How much do you contribute to keeping your home habitable? Are you the person who runs around picking up after others? If so, you’re teaching them that being “helpless” has its benefits. Or do you close your eyes to a messy situation, and just wait until “someone else” cleans it up? Neither the neatnik nor the sloppy one is assuming appropriate responsibility. The neatnik is assuming too much, and the sloppy one is assuming too little.

One solution is for all the members of the household to sit down together and create a list of chores that need to be done, how often each chore needs doing, and who will be responsible for doing each. It’s best if members volunteer for the chores they don’t mind doing. For example, one person might absolutely hate to clean the cat’s litter box, while he/she doesn’t mind tackling the laundry. Have fun bartering with each other over chores. If any are left unclaimed at the end, use a coin toss or some other means to distribute the leftovers. Then, decide what the reward might be for completing a week’s chores, and what the penalty will be if things don’t get done. A penalty might be having to hand over the TV remote to others for three nights!

One important thing to remember: Once someone agrees to take on a chore, the others cannot criticize that person for the way it is done or when it is done (as long as the agreed-upon frequency is maintained). If anyone can’t resist criticizing, the chore becomes theirs, and they must exchange one of their chores for the one they’ve just acquired. So, it really doesn’t pay to slack off — if someone is critical and takes a chore from you, you never know what other chore you might end up with!

Sometimes the Truth Hurts

Ever notice how defensive you get when someone calls your attention to something hurtful you may have said or done? It is partly because we each hold an image of the type of person we think we are, or want to be. When we behave outside of that image and our behavior is pointed out, sometimes we go into denial. A voice within us says, “No, that can’t be so….I’m not like that, I’m like this….I would never hurt someone like that….” It’s difficult to hear what the other person is saying about us, because we don’t want to be the kind of person who would do such things. So, we get defensive and attempt to justify what we did with excuses: “I wouldn’t have done that, except for the fact that….”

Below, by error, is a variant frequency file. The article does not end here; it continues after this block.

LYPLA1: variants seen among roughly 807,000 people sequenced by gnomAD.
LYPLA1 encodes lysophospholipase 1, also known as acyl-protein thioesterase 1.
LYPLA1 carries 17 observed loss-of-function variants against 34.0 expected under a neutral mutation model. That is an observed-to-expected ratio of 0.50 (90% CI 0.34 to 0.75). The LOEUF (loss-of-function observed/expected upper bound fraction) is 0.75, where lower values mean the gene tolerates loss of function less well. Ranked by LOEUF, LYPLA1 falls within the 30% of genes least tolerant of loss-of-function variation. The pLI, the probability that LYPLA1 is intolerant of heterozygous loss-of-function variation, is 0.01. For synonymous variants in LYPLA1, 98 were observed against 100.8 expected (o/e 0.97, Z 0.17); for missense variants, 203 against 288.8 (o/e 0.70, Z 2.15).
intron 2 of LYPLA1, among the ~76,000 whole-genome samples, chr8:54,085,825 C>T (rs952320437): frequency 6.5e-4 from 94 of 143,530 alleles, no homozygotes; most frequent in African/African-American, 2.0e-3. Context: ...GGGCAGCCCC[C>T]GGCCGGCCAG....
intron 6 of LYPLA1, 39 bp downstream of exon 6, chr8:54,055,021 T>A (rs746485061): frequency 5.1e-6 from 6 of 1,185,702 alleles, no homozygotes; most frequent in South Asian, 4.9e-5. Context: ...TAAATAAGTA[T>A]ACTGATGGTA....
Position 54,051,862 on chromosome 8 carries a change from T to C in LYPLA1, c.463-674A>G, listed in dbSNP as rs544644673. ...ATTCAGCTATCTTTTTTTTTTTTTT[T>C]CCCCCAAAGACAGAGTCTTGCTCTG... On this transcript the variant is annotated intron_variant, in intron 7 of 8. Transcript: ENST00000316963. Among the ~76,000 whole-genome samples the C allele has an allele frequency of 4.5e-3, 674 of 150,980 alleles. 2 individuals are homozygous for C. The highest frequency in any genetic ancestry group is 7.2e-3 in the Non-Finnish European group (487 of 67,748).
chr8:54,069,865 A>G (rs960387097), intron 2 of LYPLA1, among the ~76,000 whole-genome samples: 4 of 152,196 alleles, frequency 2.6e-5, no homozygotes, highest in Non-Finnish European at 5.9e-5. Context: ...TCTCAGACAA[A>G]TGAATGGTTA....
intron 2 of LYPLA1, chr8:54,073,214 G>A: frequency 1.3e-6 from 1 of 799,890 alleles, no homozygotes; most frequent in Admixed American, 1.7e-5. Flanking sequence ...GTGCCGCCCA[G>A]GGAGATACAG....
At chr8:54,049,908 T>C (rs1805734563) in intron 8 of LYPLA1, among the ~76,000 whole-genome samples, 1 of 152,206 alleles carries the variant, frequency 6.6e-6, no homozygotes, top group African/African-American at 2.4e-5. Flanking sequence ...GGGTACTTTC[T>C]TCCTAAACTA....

The next time someone lets you know that you’ve behaved in a way that caused them to feel hurt, uncomfortable, or frustrated, listen to what they are saying. Acknowledge that, while it may not have been your intention to trigger those feelings, what you did had that impact on them. Accept the fact that sometimes you will stumble and act contrary to the person you strive to be. The acknowledgment to the other will be healthy for the relationship. Your acceptance of your own capacity to fall short from time to time will help you to stay aware of, and work on, your weaknesses. You can’t work on weaknesses when you deny that they exist.

Being on the Same Team

Summer is approaching, and many people are looking forward to spending vacation time with family and friends — or not. While vacationing with loved ones can be fun and relaxing, it can also be a source of stress and even dread. These feelings come up often when a couple schedules time with one partner’s family or circle of friends. There’s an assumption that the other partner should just “fit in,” and enjoy the events as much as his/her significant other. But, that’s not always the case, and when it’s not the case it can result in a full-blown argument.